Effects of chronic exposure to ibuprofen and naproxen on Florida flagfish (Jordanella floridae) over one complete life-cycle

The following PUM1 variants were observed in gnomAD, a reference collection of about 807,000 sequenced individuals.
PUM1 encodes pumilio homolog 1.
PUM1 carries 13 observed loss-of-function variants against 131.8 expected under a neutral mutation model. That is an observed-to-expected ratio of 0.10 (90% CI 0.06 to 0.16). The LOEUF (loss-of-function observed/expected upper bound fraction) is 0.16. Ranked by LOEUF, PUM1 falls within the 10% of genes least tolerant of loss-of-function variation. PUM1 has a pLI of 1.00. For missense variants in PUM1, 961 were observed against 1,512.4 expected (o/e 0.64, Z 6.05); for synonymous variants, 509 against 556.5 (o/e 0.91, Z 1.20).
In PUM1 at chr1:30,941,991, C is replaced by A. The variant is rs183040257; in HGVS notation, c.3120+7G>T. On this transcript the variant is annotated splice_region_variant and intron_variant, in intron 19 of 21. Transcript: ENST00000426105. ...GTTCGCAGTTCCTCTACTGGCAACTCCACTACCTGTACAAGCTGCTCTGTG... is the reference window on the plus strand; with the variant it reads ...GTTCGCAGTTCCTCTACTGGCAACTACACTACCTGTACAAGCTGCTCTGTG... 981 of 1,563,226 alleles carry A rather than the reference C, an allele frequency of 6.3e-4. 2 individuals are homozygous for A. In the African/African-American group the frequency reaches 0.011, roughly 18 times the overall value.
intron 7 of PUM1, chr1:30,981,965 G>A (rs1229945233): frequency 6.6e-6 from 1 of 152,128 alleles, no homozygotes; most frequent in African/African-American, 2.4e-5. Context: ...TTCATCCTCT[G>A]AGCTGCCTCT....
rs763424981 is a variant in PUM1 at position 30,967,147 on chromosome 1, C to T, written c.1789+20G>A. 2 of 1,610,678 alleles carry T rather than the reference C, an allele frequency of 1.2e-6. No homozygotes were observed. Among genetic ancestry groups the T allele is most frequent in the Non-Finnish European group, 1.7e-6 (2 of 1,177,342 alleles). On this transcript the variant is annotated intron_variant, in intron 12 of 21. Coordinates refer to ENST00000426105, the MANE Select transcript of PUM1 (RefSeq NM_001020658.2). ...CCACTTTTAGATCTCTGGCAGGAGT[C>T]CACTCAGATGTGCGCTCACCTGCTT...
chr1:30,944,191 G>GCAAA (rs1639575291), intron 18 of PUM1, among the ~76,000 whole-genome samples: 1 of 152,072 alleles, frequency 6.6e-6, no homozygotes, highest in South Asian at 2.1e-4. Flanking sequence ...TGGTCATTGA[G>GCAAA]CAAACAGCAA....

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Nonsteroidal anti-inflammatory drugs (NSAIDs) are a class of drugs prescribed to relieve pain, fever and inflammation, and are among the most commonly consumed medications in Ontario. Approximately 70% of the ingested dose is excreted unchanged or as an active metabolite, much of which reaches the surface waters of lakes and rivers. NSAIDs function through the inhibition of cyclooxygenase (COX), an enzyme present in two isoforms in the body; the constitutively expressed COX-1 and the inducible COX-2. Traditional NSAIDs like ibuprofen inhibit both isoforms with little selectivity while newer variants such as naproxen preferentially inhibit COX-2. Both COX isoforms share a high similarity between humans and fish creating a potential for off target effects to exposed aquatic organisms. This research investigated the chronic effects of waterborne exposure to 0, 0.1, 1, 10 and 100 μg/L of a nonselective and selective NSAID (ibuprofen and naproxen, respectively) on Florida flagfish (Jordanella floridae) over one complete life-cycle. Chronic exposure concentrations were selected by performing a short term experiment which examined the hatchability of flagfish eggs using continuous semi-static exposure conditions. Growth, survivability and reproductive endpoints were assessed in the life-cycle study. A concentration-response relationship for both NSAIDs was detected during the first 28 days post-hatch, resulting in increased body length for F1 fish and their offspring with increasing concentrations. Exposure to 0.1 μg/L of both ibuprofen and naproxen resulted in a decrease in egg fertilization providing an experimental LOEC (lowest observable effect concentration) of 0.1 ug/L and NOEC (no observable effect concentration) of < 0.1 ug/L for both ibuprofen and naproxen based on the reproductive endpoint. This indicates that either NSAID has the potential to affect the reproductive success of flagfish at concentrations at or below those commonly found in the environment.